In vivo measurement of glucose utilization in rats using a beta-microprobe: direct comparison with autoradiography.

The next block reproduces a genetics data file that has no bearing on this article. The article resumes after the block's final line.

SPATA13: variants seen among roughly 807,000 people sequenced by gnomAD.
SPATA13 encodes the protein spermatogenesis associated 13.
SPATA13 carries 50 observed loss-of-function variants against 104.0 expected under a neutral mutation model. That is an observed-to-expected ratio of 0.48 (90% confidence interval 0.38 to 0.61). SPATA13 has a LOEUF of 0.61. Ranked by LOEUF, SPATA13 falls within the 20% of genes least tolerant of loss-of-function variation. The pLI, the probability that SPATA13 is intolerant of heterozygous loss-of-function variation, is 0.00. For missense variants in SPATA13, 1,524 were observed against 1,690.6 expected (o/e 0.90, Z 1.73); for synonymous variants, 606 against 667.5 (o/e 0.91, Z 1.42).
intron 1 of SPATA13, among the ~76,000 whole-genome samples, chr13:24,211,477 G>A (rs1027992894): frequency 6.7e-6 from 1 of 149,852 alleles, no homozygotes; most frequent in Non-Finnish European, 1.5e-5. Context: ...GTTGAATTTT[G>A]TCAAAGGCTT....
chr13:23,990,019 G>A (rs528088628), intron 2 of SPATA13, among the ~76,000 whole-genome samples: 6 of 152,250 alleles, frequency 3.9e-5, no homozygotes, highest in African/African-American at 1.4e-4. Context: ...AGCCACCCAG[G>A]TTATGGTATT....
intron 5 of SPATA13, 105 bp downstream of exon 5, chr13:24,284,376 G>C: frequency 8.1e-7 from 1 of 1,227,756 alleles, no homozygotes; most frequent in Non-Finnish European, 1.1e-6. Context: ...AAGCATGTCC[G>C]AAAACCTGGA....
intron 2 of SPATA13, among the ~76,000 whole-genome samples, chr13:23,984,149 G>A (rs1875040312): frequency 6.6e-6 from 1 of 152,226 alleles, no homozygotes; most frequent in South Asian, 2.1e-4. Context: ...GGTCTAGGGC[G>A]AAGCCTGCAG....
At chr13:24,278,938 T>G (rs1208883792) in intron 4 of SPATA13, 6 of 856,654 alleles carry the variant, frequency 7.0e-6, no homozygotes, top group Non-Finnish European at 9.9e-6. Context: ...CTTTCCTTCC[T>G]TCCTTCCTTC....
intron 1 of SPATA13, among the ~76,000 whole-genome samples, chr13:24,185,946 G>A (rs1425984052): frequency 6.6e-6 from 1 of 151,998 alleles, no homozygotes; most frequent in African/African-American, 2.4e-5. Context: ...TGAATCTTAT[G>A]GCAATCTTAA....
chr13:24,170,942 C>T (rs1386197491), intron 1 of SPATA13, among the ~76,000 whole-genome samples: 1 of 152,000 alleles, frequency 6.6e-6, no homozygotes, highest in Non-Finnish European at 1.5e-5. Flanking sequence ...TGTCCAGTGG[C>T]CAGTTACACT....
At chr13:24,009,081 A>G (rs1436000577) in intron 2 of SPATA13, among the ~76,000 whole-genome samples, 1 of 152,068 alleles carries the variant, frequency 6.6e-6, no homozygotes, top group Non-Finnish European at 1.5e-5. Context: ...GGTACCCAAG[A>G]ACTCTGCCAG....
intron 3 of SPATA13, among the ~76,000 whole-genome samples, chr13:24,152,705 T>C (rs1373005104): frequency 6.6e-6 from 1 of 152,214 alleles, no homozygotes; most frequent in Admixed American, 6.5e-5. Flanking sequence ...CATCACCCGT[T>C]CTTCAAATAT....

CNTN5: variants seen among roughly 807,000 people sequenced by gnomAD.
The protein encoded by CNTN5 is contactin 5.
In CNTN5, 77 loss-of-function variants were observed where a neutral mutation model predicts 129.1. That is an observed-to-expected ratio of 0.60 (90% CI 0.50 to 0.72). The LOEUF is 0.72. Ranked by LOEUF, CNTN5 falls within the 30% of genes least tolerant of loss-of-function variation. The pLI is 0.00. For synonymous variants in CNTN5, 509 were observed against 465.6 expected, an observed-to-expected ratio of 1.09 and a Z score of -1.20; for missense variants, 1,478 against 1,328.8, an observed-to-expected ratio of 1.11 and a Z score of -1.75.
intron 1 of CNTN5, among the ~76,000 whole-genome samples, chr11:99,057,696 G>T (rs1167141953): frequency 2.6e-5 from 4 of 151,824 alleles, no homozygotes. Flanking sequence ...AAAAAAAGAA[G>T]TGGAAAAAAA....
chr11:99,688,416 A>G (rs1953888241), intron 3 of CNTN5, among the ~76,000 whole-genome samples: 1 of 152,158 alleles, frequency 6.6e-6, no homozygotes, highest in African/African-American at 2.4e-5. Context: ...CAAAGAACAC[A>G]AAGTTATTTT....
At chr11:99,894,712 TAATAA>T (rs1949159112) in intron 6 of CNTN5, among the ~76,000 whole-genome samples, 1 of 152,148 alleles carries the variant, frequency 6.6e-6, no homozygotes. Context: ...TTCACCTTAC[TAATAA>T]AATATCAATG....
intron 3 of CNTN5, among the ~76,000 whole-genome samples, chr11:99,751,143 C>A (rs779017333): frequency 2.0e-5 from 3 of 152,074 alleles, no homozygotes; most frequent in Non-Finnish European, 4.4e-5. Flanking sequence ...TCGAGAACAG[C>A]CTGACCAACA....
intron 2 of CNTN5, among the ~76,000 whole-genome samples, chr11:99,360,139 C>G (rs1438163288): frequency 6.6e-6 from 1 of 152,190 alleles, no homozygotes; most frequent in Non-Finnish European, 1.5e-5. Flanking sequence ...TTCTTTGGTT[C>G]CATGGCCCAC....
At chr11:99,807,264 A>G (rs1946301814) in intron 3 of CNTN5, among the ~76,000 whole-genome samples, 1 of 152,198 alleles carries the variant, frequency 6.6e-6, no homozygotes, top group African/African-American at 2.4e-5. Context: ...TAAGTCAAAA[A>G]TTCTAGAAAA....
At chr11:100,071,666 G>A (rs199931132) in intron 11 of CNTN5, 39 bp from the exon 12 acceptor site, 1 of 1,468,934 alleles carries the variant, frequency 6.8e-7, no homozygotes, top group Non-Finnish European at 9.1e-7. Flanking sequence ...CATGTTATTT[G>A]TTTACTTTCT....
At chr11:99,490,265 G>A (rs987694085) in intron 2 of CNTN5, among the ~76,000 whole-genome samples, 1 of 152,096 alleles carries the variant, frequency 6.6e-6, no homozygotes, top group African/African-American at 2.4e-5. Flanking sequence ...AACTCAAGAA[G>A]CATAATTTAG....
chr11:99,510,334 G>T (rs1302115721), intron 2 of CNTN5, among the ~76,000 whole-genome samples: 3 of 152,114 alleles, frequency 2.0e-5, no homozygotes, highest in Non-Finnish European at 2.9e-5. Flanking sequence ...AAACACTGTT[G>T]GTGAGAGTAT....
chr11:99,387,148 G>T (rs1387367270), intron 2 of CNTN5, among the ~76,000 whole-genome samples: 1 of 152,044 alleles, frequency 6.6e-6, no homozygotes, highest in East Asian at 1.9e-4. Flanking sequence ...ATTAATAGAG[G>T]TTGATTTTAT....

A new beta-microprobe (betaP) has been used to locally measure the time-concentration curve of a radiolabeled substance. The betaP, analogous to positron emission tomography methodology, is useful for in vivo animal studies because it can acquire time-concentration curves with high temporal and spatial resolution. Using [18F]fluoro-2-deoxy-D-glucose and betaP, we evaluated the reliability of the biologic parameters and we compared this method with the [14C]2-deoxy-D-glucose autoradiography. BetaP time-concentration curves in three regions of the brain were obtained from 24 rats. Four kinetic parameters (K1-k4) were estimated from 60-minute experimental periods using a three-compartment model. Best fits were obtained when the vascular fraction (Fv) was estimated simultaneously with the four kinetic parameters (K1-k4). The mean estimated Fv values were about 5.5% for the frontal cortex regions and 8.0% for the cerebellum. Correlation coefficients higher than 0.830 were observed between regional cerebral metabolic rates for glucose (rCMRglc) values obtained by betaP and autoradiography. In addition, the betaP-derived input function was similar to that obtained by manual sampling. Our findings show that reliable rCMRglc values can be obtained using betaP.